All about aphids

Aphids are common pests to house plants, vegetables, annual and perennial flowers, ornamental trees and shrubs. They can often be found in the garden, on trees and shrubs and sometimes on houseplants.

Look for aphids on susceptible plants in the late spring. If they are present they can often be found clustered around leaf or flower buds, or on the under side of leaves. Catch aphid infestations early as one aphid can produce up to 80 offspring in as little as a week and is capable of doing this several times over.

Many aphid species are monophagous which means they feed on only one plant species. Aphids passively feed on the sap of phloem vessels in plants. During feeding, many aphids secrete a clear, sticky, sweet substance, called honeydew. It is often found on or below the host plant and may act as an attractant for other insect pests, such as ants, who use it as a food source.

Honeydew also acts as a host for a harmless black fungus called sooty mould which often grows in the secretion. Sooty mould is a secondary symptom of an aphid infection. In addition to sooty mould, aphids often transmit plant viruses to the plants they are feeding on. These viruses can sometimes kill the plants.

There are several natural enemies which feed on aphids like lady beetle larvae, lacewings, assassin bugs, syrphid fly larvae, various wasps and spiders. Lady beetle larvae consume the largest number of aphids. As these insects are only effective when they are present in the garden, avoiding the use of pesticides will help conserve the populations of these natural enemies.

When there are not enough of the aphid’s natural enemies to keep the infestation under control, try one of the physical control methods listed below:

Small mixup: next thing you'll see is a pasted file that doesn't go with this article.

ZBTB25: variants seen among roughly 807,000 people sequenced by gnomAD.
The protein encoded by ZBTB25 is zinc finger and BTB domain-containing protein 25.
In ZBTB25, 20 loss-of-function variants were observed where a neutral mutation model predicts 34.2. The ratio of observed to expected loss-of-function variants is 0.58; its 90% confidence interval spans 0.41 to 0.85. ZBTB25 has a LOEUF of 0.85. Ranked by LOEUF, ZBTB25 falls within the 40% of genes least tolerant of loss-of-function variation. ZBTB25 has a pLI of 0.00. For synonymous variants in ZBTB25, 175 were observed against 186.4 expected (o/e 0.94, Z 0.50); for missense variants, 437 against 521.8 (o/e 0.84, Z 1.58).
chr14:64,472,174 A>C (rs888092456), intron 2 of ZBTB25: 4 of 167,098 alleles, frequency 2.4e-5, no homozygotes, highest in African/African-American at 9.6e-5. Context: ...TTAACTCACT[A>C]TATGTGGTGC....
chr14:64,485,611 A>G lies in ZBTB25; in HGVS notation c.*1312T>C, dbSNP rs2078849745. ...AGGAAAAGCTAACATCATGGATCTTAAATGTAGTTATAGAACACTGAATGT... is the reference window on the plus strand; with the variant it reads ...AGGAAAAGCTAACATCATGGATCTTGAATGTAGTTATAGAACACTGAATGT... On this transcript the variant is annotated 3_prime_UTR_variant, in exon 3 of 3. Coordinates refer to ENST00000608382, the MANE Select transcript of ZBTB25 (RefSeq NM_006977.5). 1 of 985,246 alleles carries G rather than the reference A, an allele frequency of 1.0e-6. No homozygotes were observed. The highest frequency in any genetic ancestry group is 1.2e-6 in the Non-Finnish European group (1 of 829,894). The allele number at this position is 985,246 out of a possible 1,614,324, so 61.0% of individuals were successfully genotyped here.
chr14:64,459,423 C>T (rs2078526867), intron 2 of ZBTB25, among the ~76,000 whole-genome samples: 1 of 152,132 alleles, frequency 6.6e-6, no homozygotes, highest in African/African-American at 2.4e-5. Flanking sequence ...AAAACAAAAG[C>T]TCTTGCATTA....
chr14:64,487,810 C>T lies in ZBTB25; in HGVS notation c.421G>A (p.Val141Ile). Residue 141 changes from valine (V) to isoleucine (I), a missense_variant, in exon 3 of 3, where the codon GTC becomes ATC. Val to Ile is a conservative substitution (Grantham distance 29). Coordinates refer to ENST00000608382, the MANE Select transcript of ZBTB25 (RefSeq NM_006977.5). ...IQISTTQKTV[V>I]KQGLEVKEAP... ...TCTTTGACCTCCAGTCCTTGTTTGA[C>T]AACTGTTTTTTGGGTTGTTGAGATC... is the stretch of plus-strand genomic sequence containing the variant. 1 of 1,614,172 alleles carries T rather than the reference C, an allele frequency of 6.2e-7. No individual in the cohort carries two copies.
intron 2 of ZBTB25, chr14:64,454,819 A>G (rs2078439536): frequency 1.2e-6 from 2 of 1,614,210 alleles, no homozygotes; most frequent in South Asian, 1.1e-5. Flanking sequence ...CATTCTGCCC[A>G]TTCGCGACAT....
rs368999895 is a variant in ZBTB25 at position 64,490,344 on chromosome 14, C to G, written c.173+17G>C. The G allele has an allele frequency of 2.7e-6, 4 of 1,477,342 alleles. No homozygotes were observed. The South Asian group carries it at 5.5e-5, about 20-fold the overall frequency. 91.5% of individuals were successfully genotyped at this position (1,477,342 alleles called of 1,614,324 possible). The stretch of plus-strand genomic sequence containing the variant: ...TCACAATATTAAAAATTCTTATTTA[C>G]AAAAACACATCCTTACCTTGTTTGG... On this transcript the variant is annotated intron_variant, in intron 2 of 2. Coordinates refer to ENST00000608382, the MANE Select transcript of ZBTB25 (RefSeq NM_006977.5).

Spray a steady stream of water at the host plant to knock aphids off. This treatment may have to be repeated several times. I always use this method as the first step and then catch the aphids missed by the shower with any of the following methods.

Rubbing or hand picking aphids from affected plants will also reduce populations. If only a few small colonies of aphids are present, prune affected areas of trees and shrubs to remove aphids and overwintering aphid eggs and dispose of in a tightly sealed plastic bag or container.

Pyrethrum insecticides or insecticidal soap can be sprayed on infested areas of plants to control aphid populations. Pesticides only work on contact so it is important to apply it directly to the aphids. Always carefully follow the label directions when using pesticides.

Make homemade insecticide, using dish soap, preferably Sunlight, mixed to a ratio of 1 tablespoon per gallon of water. This can be put in a spray bottle and applied directly to the aphids. The soap washes off the aphid’s protective waxy coating and causes dehydration.

With some vigilance and the knowledge gained from this column, you are now ready to battle aphids. A careful eye and these tips can help you stay in control.